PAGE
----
I find this interesting not because of this last piece (all kings have a pretty tough time keeping their pants on) but because of the result of it. Albert II is short for Albert Alexandre Louis Pierre Grimaldi: like most royals, he has a slew of names, likely all with historical significance. The last name (but not his last name, per se), Grimaldi, was the house that ruled Monaco (and Genoa) in the twelfth century.

How does all this connect? Glad you asked. Albert has a pair of legitimate offspring, and he also has a few other children. One of the latter daughters was given “Grimaldi” as a surname. This surname may have had something to do with subsequent child support requests, but it’s also an interesting liminal marker between the royal and the usual. Thus, while giving a child a last name—often this makes some sense as per the usual naming conventions of our time, it’s odd if you consider the child to be royal offspring.

Obviously her illegitimacy is a barrier to ruling in Monaco, but even without that, the fact of having a last name at all is its own barrier, oddly enough. The closest thing to a last name Albert or any royal has is the House or Line he belongs to. In that sense, Albert of the House Grimaldi (or something like that) could be a “last name” of a sort, but really his last name is (Prince of) Monaco. Royals don’t have last names, because they don’t need them. They are already identified automatically so there’s no need to distinguish their first names from anyone else’s. That is, unless they are pushed outside of their monarchical state and become something else: a civilian, citizen, or even a subject—of themselves, or at least of their own Houses, presumably.

This kind of problem shows up in other royal places: for instance, when Princes William and Harry of England joined their nation’s military. Military forms, like all bureaucracy, are made to standardize. Forms don’t take no for an answer. Thus, when two royal princes attempt to enlist, they still have to fill out the “surname” portion of the papers. Both of them adopted the “last name” Wales for the purpose of military service. Again, this mostly makes sense—they are the sons of Charles, Prince of Wales, so their last name might as well be Wales. Still, they might have also gone by “Windsor,” as this is their Royal House. Having “Wales” stitched across the front of their fatigues has an interesting effect: it identities the men with their nation and land. Surreally, Wales defends Wales; Royal England fights for Royal England, so to speak.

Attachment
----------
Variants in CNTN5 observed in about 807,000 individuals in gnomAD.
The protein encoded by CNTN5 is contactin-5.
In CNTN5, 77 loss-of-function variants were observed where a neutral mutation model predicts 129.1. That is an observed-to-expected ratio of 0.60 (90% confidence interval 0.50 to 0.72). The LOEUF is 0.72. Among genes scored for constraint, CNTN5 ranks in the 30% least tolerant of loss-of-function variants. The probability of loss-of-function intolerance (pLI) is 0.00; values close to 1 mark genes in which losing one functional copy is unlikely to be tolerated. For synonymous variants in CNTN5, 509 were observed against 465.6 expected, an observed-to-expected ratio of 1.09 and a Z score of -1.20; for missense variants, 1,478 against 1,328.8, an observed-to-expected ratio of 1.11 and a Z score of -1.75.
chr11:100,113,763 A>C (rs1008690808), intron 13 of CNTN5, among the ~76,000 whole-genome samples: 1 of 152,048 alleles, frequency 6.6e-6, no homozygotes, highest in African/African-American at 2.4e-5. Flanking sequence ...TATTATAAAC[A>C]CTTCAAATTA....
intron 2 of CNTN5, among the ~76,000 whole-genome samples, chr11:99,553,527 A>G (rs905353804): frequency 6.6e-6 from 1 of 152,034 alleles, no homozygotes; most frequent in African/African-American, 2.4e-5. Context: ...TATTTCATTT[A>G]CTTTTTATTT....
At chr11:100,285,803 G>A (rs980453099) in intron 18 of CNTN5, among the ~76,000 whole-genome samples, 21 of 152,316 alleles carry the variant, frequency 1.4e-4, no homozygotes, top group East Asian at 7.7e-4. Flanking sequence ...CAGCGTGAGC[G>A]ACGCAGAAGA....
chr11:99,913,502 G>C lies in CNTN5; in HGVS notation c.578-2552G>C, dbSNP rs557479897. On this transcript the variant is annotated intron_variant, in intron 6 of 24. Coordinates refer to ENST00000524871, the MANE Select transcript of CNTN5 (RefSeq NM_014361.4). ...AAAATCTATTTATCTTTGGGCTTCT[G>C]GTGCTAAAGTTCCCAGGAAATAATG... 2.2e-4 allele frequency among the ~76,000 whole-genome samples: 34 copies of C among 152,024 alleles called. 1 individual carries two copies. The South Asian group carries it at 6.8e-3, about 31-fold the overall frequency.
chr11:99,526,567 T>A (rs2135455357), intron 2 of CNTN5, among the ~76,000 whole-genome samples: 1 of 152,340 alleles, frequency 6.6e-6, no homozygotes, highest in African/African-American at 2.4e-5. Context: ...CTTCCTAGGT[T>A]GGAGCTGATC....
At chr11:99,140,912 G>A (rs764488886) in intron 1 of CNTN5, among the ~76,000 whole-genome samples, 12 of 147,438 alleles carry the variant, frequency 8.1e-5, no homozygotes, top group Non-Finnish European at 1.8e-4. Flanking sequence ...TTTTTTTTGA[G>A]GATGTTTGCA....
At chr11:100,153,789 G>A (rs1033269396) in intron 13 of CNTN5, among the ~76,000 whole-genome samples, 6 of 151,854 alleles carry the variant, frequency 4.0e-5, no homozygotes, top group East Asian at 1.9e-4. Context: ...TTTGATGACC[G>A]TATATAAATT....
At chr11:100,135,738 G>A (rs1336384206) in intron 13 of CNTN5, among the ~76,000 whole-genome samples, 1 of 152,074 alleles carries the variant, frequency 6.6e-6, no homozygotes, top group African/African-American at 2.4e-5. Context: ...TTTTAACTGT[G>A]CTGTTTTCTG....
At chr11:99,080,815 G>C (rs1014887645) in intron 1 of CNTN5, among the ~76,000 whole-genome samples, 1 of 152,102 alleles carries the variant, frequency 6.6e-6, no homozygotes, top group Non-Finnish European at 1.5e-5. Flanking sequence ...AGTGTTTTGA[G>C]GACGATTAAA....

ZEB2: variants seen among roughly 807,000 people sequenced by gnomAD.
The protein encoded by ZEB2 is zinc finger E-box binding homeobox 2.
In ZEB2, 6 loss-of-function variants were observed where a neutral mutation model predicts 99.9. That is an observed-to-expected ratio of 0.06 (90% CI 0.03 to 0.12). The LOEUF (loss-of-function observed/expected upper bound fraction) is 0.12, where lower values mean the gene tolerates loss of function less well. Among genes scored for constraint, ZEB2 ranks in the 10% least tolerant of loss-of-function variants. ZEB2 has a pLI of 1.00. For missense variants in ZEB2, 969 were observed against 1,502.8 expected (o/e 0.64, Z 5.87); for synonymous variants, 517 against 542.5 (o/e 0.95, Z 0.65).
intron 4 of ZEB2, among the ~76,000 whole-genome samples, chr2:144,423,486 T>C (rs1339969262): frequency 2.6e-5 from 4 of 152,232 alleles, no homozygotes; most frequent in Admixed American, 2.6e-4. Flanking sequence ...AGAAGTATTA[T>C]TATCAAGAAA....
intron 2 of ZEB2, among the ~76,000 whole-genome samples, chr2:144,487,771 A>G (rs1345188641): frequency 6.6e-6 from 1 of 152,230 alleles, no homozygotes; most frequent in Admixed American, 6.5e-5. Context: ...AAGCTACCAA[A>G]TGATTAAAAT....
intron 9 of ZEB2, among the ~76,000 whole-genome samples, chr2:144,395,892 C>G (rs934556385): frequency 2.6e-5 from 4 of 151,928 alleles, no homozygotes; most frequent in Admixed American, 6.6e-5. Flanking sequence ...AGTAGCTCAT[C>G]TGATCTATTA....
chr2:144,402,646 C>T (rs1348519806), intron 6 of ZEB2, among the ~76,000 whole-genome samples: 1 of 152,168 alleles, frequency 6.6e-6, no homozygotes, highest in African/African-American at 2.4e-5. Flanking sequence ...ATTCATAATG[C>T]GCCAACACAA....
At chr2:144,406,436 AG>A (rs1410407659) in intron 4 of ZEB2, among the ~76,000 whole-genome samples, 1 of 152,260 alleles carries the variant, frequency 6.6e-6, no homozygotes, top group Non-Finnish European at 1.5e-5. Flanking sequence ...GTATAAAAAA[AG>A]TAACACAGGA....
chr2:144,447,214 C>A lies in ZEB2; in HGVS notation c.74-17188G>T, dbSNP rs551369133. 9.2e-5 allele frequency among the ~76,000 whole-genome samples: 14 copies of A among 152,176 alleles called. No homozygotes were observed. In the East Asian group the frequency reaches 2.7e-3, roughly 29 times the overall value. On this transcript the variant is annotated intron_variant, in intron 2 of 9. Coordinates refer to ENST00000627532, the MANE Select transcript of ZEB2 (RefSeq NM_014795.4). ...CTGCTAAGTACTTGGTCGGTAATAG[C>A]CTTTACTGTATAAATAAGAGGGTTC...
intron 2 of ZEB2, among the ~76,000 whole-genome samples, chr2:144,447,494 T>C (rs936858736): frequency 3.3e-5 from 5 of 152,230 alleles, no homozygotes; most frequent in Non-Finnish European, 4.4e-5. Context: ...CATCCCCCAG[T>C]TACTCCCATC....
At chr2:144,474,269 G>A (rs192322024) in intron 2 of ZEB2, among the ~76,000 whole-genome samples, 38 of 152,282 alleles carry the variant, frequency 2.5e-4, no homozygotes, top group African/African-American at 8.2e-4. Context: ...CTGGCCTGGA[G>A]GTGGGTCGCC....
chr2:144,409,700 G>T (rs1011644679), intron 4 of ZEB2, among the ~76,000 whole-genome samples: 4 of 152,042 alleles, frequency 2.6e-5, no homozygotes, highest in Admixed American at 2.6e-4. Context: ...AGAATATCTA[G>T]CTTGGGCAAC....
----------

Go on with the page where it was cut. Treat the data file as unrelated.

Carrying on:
Of course, the monarchy is complicated today. Albert II’s parentage was a royal mix: his parentage combines Hollywood royalty (his mother was Grace Kelly) and traditional royalty (Prince Rainier III sired him). William and Harry’s mother Diana was noble and later became Hollywood royalty. Now Royals have to write in their last names, too, just like the rest of us, whether on military applications or for child support forms. “Sir, you’re going to have to fill all the boxes, for me.” “Certainly, but I don’t have a last name.” “You do now.” Kings have to take a number at the DMV.

Monarchs are simply a link to the past. They remind us of a time when there were few enough people around that last names were optional. When a king and his country were inseparable. Now our kings are citizens, not gods on earth. They have to follow a law that is great than themselves. Still, they have their ancestry, their direct connection to the old world, and that’s not a small thing. Royal institutions are living ruins: they are castles slowly disintegrating, long after they’ve gone out of use and become just another tourist site. But let’s not give them last names, and let’s not pass their names out, either. Let them have one last royal distinction. I don’t want to see Mr. George Wales in line at the soup kitchen. At least let him be Poor Prince George.